"It's funny how hair always enters into it," Marchetto says, laughing, when I bring up the parallels between her own cartoonist origin story and the trials of her character. Of course, that whole plotline about trying to become a better person after facing one's own mortality tracks pretty well with Marchetto’s real life too. She's had the idea to do a story about a character named Ann Tenna for 20 years, long before "Cancer Vixen," but couldn't quite work out who she wanted Ann to be (past versions were tween- and teenage). "I needed a character arch," Marchetto tells me. Falling ill provided one. "The idea of having a near-death experience, and literally meeting your maker, or your higher self, your higher potential, was really intriguing. Especially after being diagnosed with something like cancer and thinking: What did I do with my life? This could be the moment where this is all over. Now I have a second chance."
I remark to Marchetto that she ends her book in a way that seemingly leaves the door wide open for a sequel, and she sarcastically quips, "Oh, really, you think?" then laughs. "Yeah, I love Ann. She's still with me." So Marisa can't get Ann out of her head the same way Ann can't get Super Ann out of her own head? "Oh, yeah," Marchetto says. "Ann and Super Ann are my Super Marisa for sure."
Below, more from our conversation with Marchetto about creating the wild world of "Ann Tenna," dreaming up her New Yorker cartoons, and her surprising relationship to the world of gossip.
The book takes a very critical view of gossip columns and sites. Where do you actually stand?
I definitely read Page Six every day. I love it. I think that gossip can be good when it’s truthful. There is good and bad to gossip just like there’s good and bad to everything. I think it's about intention. I read theDaily Mail. I do indulge. But then I kind of think, Oh, my gosh, I have to do something to counter that. It's kind of like you binge on chocolate and then you go for a run. I do try to not hear the media noise and I do try to channel something higher and meditate every day. And then I over media-cate every day. It's a balance.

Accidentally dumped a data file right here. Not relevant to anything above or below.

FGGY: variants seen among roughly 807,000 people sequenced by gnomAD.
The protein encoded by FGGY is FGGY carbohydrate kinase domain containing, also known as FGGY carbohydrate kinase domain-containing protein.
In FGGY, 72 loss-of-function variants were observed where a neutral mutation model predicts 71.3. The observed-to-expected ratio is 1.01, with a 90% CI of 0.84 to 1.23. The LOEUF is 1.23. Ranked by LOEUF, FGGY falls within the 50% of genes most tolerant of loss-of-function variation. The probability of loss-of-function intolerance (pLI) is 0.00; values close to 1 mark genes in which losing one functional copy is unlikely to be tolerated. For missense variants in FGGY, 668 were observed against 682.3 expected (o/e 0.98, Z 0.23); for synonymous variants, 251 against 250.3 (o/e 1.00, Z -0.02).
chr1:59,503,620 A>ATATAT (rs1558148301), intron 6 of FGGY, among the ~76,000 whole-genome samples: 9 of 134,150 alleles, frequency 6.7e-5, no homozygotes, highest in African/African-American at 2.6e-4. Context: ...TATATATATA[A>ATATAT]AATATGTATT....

Maybe more like a pendulum. What about technology? Are you as addicted to screens as your very over-media-cated characters are?
I definitely have a love-hate, or maybe a loathe-hate, relationship with technology. I resisted Instagram for the longest time. Now I'm on it. I do feel like when I’m on social media, there’s always something I could be doing that’s better for myself. Spiritually, mentally, emotionally, and physically. But like an addict I can’t stop. It’s like crack.
I do think all this technology is distracting us from accessing our higher consciousness. And I really do want to turn off and tune up! (And then check Page Six.)
You live in the world that your book skewers. Do you have any friends who will be offended? Or does everybody have a sense of humor?
I definitely think people see the ridiculousness of being too connected to technology, of being obsessed with being photographed, and how they're perceived, how the media sees them. I don’t think anybody is going to be offended by that. I didn’t really target anybody, per se. I deal with archetypes more than individuals. I didn't name names. It's just characters that exist in New York that I thought were fun.
The only names you do name are the celebrities who make cameos: Gianni Versace, Coco Chanel, Jimi Hendrix. Are these your personal heroes?
Well, I love Gianni Versace. I thought it would be kind of fun to have him pop into science-fashion heaven. I kind of looked at him like Ann and Super Ann's Dr. Bombay. There's a little bit of Bewitched in this book. I could just imagine: You're calling on Gianni Versace to do a look for you, but if he's Gianni Versace, he's really busy up there. He’s dressing Liz Taylor for the Golden Galaxies. You better not be interrupting him. I thought that would be a funny bit.